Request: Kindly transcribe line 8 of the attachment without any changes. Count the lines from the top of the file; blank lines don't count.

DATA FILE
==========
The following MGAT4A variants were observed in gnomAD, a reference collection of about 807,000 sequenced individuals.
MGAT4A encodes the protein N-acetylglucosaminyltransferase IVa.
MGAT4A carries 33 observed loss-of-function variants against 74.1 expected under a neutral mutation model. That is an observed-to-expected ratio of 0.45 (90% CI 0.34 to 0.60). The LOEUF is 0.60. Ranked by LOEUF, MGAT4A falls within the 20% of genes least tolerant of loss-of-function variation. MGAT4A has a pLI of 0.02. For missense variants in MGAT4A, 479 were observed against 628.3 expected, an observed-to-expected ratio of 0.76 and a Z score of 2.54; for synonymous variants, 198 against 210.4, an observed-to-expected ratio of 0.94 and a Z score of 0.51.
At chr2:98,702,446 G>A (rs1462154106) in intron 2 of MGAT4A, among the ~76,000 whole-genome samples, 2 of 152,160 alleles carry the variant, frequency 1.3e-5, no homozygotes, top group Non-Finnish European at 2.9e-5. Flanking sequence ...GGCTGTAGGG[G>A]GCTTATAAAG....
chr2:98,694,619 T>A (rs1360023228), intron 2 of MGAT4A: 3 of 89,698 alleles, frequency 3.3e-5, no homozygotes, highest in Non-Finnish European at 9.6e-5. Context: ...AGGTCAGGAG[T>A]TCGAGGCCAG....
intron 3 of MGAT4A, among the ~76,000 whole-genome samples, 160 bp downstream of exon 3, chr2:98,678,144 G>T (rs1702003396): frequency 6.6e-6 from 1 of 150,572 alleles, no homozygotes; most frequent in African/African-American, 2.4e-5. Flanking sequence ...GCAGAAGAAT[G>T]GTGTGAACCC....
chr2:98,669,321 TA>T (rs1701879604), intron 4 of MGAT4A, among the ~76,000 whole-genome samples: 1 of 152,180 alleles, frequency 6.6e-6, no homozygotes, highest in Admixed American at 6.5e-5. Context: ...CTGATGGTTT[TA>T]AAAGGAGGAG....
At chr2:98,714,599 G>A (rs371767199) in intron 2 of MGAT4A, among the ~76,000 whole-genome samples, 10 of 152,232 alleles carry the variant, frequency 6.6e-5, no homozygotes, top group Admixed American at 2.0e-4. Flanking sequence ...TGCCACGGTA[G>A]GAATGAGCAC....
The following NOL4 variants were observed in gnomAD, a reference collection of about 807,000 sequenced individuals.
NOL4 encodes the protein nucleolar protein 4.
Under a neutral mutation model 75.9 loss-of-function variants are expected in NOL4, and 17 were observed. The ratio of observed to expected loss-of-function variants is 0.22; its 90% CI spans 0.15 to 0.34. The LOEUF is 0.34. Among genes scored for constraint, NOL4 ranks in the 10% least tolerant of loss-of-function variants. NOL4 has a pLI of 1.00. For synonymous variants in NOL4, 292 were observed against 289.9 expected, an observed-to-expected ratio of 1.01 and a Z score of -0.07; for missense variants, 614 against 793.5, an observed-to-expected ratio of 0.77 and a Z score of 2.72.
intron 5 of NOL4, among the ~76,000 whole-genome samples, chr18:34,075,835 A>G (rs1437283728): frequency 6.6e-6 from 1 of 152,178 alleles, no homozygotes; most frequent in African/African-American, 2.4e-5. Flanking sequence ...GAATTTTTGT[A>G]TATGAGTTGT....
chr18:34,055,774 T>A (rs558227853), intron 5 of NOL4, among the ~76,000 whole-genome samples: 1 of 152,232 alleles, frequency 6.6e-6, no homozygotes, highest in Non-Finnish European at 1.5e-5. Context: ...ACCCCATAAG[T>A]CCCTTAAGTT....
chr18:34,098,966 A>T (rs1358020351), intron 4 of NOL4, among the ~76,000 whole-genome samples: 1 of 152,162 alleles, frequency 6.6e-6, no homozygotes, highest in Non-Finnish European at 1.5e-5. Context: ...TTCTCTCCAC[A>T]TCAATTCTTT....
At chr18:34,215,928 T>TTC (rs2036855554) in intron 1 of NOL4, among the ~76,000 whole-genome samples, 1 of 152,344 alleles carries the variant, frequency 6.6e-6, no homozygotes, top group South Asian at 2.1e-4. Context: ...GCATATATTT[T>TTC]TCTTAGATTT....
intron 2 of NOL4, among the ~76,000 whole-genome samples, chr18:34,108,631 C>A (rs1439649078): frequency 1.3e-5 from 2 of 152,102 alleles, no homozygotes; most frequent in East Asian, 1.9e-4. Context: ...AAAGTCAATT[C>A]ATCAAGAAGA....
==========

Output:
At chr2:98,714,599 G>A (rs371767199) in intron 2 of MGAT4A, among the ~76,000 whole-genome samples, 10 of 152,232 alleles carry the variant, frequency 6.6e-5, no homozygotes, top group Admixed American at 2.0e-4. Flanking sequence ...TGCCACGGTA[G>A]GAATGAGCAC....